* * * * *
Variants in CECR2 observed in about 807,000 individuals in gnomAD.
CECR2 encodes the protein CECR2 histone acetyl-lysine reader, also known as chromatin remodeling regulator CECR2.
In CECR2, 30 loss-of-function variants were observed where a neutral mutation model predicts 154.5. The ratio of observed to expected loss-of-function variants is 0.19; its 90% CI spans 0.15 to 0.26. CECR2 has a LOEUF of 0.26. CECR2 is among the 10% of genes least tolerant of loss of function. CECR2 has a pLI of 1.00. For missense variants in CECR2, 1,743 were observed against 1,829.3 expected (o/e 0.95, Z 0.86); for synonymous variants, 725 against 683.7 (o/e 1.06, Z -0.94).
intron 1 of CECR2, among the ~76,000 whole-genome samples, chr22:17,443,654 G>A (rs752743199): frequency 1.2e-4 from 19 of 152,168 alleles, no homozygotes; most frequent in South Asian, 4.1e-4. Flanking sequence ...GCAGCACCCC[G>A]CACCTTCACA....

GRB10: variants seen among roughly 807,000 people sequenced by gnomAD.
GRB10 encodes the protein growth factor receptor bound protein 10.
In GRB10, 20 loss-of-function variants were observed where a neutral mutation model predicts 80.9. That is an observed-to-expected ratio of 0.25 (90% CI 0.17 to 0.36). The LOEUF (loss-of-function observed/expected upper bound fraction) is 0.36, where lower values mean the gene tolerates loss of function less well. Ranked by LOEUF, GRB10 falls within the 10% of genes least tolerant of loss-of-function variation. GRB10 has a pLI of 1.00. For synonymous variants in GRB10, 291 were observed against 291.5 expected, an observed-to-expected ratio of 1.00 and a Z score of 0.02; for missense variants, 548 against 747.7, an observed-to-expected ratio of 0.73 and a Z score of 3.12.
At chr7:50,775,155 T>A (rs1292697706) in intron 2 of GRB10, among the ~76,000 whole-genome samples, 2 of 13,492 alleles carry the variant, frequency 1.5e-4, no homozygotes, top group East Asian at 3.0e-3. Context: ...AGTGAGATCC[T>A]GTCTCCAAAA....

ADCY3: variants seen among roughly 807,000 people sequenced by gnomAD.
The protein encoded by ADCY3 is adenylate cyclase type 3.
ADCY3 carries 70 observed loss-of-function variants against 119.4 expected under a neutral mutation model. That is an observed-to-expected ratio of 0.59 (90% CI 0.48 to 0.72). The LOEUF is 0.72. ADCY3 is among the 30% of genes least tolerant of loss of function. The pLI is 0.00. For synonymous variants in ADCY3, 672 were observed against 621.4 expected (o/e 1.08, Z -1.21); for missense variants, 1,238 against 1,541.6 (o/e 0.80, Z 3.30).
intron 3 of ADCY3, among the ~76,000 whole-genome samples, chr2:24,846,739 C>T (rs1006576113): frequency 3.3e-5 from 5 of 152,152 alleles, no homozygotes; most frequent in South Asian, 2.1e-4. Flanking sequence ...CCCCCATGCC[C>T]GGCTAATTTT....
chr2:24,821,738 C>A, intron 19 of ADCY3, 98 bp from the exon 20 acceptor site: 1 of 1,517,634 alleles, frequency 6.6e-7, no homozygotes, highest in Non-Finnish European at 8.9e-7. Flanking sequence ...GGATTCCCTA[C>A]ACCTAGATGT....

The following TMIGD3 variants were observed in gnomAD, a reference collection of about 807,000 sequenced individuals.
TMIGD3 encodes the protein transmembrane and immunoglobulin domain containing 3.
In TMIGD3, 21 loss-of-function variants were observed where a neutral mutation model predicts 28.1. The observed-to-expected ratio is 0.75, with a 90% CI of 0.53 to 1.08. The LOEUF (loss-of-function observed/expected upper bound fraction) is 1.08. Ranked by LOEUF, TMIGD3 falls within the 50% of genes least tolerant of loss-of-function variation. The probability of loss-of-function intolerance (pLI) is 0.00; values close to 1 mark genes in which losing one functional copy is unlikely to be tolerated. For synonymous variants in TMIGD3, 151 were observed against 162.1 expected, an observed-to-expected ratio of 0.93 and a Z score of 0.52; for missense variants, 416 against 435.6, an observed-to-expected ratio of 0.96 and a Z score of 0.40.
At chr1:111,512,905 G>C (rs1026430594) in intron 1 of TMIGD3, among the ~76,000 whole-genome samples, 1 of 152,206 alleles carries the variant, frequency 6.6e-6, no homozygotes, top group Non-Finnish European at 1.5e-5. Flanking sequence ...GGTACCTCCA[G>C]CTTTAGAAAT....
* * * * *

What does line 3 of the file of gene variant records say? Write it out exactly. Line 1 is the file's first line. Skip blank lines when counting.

In CECR2, 30 loss-of-function variants were observed where a neutral mutation model predicts 154.5. The ratio of observed to expected loss-of-function variants is 0.19; its 90% CI spans 0.15 to 0.26. CECR2 has a LOEUF of 0.26. CECR2 is among the 10% of genes least tolerant of loss of function. CECR2 has a pLI of 1.00. For missense variants in CECR2, 1,743 were observed against 1,829.3 expected (o/e 0.95, Z 0.86); for synonymous variants, 725 against 683.7 (o/e 1.06, Z -0.94).